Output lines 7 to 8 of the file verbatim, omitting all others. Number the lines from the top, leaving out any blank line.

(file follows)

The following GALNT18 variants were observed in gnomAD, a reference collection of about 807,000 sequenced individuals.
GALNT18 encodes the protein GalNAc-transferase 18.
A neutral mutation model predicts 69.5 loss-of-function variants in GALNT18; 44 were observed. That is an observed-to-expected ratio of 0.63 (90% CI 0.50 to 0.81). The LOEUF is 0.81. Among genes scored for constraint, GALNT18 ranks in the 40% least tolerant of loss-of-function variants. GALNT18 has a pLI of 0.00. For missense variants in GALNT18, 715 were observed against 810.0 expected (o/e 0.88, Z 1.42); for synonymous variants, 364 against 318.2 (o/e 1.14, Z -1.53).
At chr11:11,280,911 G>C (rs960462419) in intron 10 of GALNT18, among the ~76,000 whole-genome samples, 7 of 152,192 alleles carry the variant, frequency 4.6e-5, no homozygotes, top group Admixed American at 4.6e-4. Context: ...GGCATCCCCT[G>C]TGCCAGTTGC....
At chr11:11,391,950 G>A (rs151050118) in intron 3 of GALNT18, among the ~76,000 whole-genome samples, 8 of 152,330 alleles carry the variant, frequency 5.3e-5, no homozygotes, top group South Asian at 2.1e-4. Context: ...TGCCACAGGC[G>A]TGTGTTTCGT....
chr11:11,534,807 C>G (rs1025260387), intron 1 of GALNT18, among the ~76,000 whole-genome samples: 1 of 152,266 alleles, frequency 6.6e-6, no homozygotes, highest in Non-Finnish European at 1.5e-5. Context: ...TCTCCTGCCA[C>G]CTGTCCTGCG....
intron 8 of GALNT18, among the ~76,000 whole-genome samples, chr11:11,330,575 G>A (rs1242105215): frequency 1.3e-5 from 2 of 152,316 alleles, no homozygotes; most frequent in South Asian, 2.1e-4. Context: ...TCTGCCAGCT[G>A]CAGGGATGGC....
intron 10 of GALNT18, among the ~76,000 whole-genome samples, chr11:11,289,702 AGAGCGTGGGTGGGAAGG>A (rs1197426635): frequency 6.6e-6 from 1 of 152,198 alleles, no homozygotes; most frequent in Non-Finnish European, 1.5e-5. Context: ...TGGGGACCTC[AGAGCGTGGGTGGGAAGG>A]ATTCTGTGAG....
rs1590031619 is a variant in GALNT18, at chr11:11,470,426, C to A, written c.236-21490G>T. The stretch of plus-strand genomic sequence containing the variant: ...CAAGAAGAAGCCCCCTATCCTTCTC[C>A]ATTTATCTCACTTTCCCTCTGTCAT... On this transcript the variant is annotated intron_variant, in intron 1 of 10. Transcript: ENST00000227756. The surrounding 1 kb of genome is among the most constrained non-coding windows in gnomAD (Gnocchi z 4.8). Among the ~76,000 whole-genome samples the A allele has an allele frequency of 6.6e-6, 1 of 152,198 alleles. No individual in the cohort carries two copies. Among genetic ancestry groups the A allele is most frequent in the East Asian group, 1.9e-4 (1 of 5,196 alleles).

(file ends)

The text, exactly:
intron 8 of GALNT18, among the ~76,000 whole-genome samples, chr11:11,330,575 G>A (rs1242105215): frequency 1.3e-5 from 2 of 152,316 alleles, no homozygotes; most frequent in South Asian, 2.1e-4. Context: ...TCTGCCAGCT[G>A]CAGGGATGGC....
intron 10 of GALNT18, among the ~76,000 whole-genome samples, chr11:11,289,702 AGAGCGTGGGTGGGAAGG>A (rs1197426635): frequency 6.6e-6 from 1 of 152,198 alleles, no homozygotes; most frequent in Non-Finnish European, 1.5e-5. Context: ...TGGGGACCTC[AGAGCGTGGGTGGGAAGG>A]ATTCTGTGAG....